Anne Hathaway Herb Garden
Jewel Huffman, a Tulsa resident, and the Anne Hathaway Herb Garden Club are credited with starting a formal herb garden in Woodward Park during 1939. Both the garden and the club were named for Anne Hathaway, the wife of English playwright William Shakespeare. According to the Tulsa Garden Center, Hathaway "...was renowned for her love of gardening and her cultivation of culinary herbs...".
The Anne Hathaway Herb Garden Club retained responsibility for maintaining the herb garden until 1982, when they relinquished it to the Tulsa Parks Department horticulture division. Varieties exhibited have included,"... geraniums, sages, mints, basil, summer and winter savory, lemon thyme, burnett [sic], rosemary, marjoram, oregano and tarragon..."
The Upper and Lower Rock Garden areas were created in 1930, north of the herb garden. The Upper Rock Garden employs honeycomb limestone rocks placed to simulate a stream and small springs. The area has a walkway made of rock, with benches, fountains, bridges and statuary. Seasonal flower plantings provide year-round blooms. The Lower Rock Garden was planted during the 1960s and 1970s with a very large number of azalea plants. These generally bloom between mid-March and mid-April, creating a mass of color.
The Arboretum has 270 different species of shrubs and trees that are native to Oklahoma. It covers about 3 acres (1.2 ha) of Woodward Park. It is a popular venue for dog walking, but the animals must be kept on a leash or obedient to the owner's verbal command.
In 2005, the Parks Department approved using 1.5 acres (0.61 ha) for construction of the Linnaeus Teaching Garden, a program of the Tulsa Garden Center. The purpose of the garden was to teach homeowners ways to improve the horticulture of their own homes by demonstrating successful techniques for growing flowers, vegetables, shrubs and groundcovers at home. The garden was named for the Swedish botanist Carl Linnaeus, and dedicated on June 8, 2006.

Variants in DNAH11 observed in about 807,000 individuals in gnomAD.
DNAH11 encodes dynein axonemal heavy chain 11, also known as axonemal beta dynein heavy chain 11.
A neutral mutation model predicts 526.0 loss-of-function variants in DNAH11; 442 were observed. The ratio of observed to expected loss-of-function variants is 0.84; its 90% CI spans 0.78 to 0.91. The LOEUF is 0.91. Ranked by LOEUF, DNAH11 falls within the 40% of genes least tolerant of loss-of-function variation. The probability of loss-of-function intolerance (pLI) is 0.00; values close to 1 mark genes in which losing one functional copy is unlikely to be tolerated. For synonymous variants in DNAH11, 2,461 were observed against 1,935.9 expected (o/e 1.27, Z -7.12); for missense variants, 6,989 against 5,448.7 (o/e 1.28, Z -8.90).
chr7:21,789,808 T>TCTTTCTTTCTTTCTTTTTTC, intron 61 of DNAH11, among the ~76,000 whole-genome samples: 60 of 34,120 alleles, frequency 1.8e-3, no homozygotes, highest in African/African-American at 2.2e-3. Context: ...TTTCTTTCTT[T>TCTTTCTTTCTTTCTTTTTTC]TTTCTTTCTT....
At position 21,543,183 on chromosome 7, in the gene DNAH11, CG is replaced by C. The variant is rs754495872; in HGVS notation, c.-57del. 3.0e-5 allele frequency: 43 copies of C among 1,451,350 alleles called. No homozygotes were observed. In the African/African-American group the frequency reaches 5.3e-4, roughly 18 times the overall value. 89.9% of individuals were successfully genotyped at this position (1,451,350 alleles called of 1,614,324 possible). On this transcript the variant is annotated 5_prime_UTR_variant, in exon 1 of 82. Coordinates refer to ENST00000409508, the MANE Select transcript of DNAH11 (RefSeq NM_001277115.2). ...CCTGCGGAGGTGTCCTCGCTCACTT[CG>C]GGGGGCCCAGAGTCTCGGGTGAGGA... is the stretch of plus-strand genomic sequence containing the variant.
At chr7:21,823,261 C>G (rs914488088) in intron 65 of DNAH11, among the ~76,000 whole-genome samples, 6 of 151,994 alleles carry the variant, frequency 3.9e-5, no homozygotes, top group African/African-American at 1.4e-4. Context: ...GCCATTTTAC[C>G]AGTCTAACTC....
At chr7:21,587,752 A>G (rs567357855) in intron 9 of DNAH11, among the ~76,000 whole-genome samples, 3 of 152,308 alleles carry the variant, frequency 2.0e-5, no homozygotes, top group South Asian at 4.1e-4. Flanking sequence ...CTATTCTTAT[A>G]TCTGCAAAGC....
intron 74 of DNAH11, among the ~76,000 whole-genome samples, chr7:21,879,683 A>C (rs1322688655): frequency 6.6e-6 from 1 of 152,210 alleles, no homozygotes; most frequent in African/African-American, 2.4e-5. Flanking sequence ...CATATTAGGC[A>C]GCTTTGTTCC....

Tulsa Garden Center (David R. Travis Mansion)
The former David R. Travis mansion now houses the Tulsa Garden Center. The mansion was built in 1919, just south of the Tulsa Rose Garden on Peoria. The 21-room house sat on a 13-acre (5.3 ha) lot immediately south of Woodward Park. J. Arthur Hull bought the property in 1923 and added the conservatory and garden. He sold the property to George Snedden in 1932, and his wife lived in the house until her death until 1949 (George passed away in 1934). William Skelly bought the house in 1950, but never moved into it. He sold the property to the city in 1954. The city added the property to Woodward Park, "... providing an educational resource center and a meeting place for horticultural and environmental organizations in Tulsa and surrounding communities."
Tulsa Historical Society Building (Samuel Travis Mansion)
Samuel Travis built a mansion immediately south of his brother David's estate. The two homes were designed to be complementary by the same architect and at the same time. Samuel's house sat on a 3.2-acre (1.3 ha) lot. It remained a private residence until 1997, when the Tulsa Historical Society (THS) bought it with funds provided by the Tulsa Tribune foundation. Prior to the sale, a real estate developer planned to buy the property, raze the mansion and build a housing development on the land. THS renovated the original 11,000-square-foot (1,000 m2) structure and added a 17,000-square-foot (1,600 m2) wing after the purchase, to make it suitable as an office and museum. A grand opening occurred January 28, 2008,
Appeal to the Great Spirit
A one-third-size plaster version of sculptor Cyrus Dallin's Appeal to the Great Spirit was donated to Tulsa Central High School in 1923. It stood in the school's main hall until 1976, when Central closed its doors. The "Appeal to the Great Spirit" was moved to the new Central High School on West Edison, and sits in the hall of the east entrance to the school. That plaster sculpture was used used as a model for a full size bronze version, which was installed in Woodward Park in 1985.
National Register of Historic Places
The park was added to the National Register of Historic Places on March 11, 2014 as Woodward Park and Gardens Historic District. Its areas of significance are listed as Landscape Architecture, Architecture, and Education/Recreation. The full application for the registry is available online.
Woodward Park (Tulsa) Facts for Kids. Kiddle Encyclopedia.